Save Search

Note: Where available, the PDF/Word icon below is provided to view the complete and fully formatted document
 Download Current HansardDownload Current Hansard    View Or Save XMLView/Save XML

Previous Fragment    Next Fragment
Thursday, 26 November 2009
Page: 13185


Mr CRAIG THOMSON (3:53 PM) —I rise to support the Health Insurance Amendment (New Zealand Overseas Trained Doctors) Bill 2009. The purpose of the bill is to streamline the operation of a section of the Health Insurance Act 1973 and remove a number of anomalies. Section 19AB of the Health Insurance Act restricts overseas trained doctors and former overseas medical students from providing professional services which attract Medicare benefits for a period of 10 years from the date on which the person is both a medical practitioner and an Australian permanent resident or citizen. This is commonly referred to as the 10-year moratorium. Overseas trained doctors and former overseas medical students may be granted an exemption from these restrictions if they work in a district of workforce shortage located in a rural, remote or outer metropolitan area.

This bill will amend sections 19AB and 19AC of the act. There are five amendments proposed in this bill. The first amendment will remove persons who are permanent residents or citizens of New Zealand and who obtained their primary medical education at an accredited Australian or New Zealand medical school from the classification of ‘overseas trained doctor’. Previously, a person was considered to be an overseas trained doctor if they obtained their primary medical degree from a medical school outside Australia.

The second amendment will rename the term ‘former overseas medical students’ to ‘foreign graduate of an accredited medical school’ to more accurately reflect the meaning of the term. This will address issues arising from New Zealand citizens who are able to stay permanently in Australia on a special category visa but who are not considered to be Australian permanent residents being restricted by the 10-year moratorium after they obtain their medical qualifications from an Australian medical school.

The third amendment will rectify an anomaly in section 19AB of the act which currently operates, in relation to a person who becomes a medical practitioner prior to becoming an Australian permanent resident or citizen, to count the 10-year moratorium from when the person achieves Australian permanent residency or citizenship. The amendment proposes that the 10-year restriction will commence from the time the medical practitioner is first registered as a medical practitioner in Australia and will cease after 10 years, provided the medical practitioner has gained permanent residency during that period.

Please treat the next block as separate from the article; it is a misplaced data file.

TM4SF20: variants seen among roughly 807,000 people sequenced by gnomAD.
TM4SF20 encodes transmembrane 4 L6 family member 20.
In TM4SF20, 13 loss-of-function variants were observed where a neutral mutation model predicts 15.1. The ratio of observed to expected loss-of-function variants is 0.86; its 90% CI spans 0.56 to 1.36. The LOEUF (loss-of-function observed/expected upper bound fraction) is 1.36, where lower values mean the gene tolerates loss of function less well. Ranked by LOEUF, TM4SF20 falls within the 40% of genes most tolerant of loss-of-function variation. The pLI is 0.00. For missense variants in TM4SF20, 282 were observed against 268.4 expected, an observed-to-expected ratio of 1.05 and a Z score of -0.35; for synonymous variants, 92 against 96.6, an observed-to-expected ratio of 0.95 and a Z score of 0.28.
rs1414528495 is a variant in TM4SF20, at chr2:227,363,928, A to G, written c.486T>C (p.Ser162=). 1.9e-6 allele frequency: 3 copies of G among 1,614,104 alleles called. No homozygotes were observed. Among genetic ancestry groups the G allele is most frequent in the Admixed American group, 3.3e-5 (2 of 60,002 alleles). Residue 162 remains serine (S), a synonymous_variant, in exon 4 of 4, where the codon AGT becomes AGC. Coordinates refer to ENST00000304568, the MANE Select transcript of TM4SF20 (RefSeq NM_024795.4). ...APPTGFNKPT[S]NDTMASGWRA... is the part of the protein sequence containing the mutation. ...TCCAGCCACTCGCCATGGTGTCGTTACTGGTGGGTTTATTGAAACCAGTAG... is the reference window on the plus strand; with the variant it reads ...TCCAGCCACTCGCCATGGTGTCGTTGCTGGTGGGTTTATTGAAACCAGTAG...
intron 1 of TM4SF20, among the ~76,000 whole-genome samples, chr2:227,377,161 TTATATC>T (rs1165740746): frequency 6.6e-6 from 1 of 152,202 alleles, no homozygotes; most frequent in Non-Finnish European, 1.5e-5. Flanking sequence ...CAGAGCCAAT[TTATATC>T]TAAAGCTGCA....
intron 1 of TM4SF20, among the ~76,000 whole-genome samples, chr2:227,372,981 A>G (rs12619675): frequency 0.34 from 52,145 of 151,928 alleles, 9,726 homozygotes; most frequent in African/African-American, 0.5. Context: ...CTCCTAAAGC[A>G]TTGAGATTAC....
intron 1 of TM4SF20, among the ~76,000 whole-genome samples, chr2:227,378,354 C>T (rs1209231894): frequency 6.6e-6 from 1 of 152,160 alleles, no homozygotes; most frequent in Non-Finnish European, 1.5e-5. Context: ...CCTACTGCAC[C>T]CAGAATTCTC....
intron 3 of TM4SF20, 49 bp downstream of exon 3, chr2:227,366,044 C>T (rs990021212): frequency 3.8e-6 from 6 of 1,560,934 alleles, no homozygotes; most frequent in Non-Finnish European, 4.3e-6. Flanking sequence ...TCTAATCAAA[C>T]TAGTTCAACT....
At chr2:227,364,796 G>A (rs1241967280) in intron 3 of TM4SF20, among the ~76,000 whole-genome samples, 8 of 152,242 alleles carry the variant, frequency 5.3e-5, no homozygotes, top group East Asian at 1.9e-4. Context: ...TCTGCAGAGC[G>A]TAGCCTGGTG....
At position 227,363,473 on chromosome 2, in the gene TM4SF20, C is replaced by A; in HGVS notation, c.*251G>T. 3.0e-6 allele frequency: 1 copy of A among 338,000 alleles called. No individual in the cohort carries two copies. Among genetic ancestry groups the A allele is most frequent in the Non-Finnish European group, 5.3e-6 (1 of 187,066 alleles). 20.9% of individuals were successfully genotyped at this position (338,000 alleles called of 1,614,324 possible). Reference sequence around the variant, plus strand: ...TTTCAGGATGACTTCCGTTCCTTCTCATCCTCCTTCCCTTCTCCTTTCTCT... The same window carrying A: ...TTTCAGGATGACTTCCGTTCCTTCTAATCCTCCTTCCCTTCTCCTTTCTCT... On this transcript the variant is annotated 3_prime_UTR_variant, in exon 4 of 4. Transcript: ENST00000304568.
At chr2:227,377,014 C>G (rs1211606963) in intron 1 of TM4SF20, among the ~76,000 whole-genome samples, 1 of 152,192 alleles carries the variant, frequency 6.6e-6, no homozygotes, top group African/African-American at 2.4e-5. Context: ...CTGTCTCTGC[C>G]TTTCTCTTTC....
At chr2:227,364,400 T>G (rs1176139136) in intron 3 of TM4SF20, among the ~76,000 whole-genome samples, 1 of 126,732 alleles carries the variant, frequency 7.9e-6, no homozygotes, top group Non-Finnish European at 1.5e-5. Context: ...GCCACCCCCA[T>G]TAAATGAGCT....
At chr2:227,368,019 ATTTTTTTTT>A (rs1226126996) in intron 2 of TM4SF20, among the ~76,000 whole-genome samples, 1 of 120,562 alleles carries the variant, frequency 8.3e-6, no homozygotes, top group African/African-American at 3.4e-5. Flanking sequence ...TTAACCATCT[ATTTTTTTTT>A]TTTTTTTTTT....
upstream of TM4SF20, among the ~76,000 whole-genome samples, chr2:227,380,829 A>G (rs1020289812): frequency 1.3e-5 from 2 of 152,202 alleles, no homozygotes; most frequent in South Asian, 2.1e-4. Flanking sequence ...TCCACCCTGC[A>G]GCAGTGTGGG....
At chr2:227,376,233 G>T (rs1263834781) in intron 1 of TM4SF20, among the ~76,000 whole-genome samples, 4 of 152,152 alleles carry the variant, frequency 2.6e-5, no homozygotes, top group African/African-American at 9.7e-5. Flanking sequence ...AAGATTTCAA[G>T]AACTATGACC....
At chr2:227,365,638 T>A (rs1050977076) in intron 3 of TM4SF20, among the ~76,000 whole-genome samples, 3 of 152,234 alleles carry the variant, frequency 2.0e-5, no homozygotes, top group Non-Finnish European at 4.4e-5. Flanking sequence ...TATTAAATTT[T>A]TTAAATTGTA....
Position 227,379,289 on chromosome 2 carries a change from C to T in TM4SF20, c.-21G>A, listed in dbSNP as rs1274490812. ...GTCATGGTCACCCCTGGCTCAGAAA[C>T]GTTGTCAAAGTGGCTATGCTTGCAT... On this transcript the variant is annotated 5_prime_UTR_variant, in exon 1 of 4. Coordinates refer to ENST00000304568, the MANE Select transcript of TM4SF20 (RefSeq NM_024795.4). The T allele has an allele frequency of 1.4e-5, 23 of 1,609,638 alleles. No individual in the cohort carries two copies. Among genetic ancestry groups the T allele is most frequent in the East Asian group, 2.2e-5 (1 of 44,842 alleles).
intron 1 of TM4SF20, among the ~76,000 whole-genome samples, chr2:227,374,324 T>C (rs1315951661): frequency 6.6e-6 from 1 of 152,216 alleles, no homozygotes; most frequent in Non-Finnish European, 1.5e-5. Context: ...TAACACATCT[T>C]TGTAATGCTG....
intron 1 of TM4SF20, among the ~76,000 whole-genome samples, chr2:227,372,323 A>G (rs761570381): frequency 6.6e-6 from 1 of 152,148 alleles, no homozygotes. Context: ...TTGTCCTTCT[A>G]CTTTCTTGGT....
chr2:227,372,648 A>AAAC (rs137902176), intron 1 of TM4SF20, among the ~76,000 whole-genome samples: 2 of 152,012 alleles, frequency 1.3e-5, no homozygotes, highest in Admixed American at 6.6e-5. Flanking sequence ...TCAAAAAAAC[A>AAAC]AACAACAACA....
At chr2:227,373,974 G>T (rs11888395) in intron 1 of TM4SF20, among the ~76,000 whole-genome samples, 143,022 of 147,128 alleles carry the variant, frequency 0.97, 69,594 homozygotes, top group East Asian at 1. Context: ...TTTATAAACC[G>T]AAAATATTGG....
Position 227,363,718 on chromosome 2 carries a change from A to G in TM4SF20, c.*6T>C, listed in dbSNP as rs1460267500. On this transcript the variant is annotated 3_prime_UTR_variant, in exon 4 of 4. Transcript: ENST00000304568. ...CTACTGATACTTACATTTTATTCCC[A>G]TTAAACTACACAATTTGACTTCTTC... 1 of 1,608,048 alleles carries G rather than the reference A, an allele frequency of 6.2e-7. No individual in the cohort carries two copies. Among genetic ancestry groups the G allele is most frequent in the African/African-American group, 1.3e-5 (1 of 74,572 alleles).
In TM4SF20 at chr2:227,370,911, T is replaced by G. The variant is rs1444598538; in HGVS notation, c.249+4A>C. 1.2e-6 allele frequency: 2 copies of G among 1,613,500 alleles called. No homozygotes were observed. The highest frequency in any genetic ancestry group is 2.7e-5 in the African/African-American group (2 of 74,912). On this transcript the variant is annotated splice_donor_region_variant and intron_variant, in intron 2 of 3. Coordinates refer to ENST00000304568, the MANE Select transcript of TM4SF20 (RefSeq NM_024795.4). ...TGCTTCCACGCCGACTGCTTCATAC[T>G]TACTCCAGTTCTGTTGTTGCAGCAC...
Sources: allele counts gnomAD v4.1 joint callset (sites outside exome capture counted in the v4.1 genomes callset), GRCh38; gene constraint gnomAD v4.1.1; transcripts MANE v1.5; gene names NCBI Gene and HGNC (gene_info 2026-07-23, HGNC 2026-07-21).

Finally, section 19AC of the act will be amended to insert a time limit of 90 days during which an applicant can seek a review of a decision to refuse an application for a section 19AB exemption or a decision to impose one or more conditions on a section 19AB exemption. These provisions will take effect from 1 April 2010 or when the legislation has received royal assent, whichever is the later date.

The Rudd government are strengthening our health system after years of neglect and buck-passing by the former Howard government. Let us have a look at some of the programs that the government have put in place in terms of hospitals. The government, through the COAG program, will invest $64 billion in hospitals and the health system across the country over the next five years. That is a 50 per cent increase on the previous agreement of the former government. We have invested $600 million in our elective surgery program. Stage 1 committed to a target of 25,000 extra elective surgeries in 2008 and delivered more than 41,000 procedures. Under stage 2, more than 150 hospitals will receive funding right across Australia. We have invested $750 million in taking pressure off emergency departments. More than 30 hospitals will benefit from this particular program.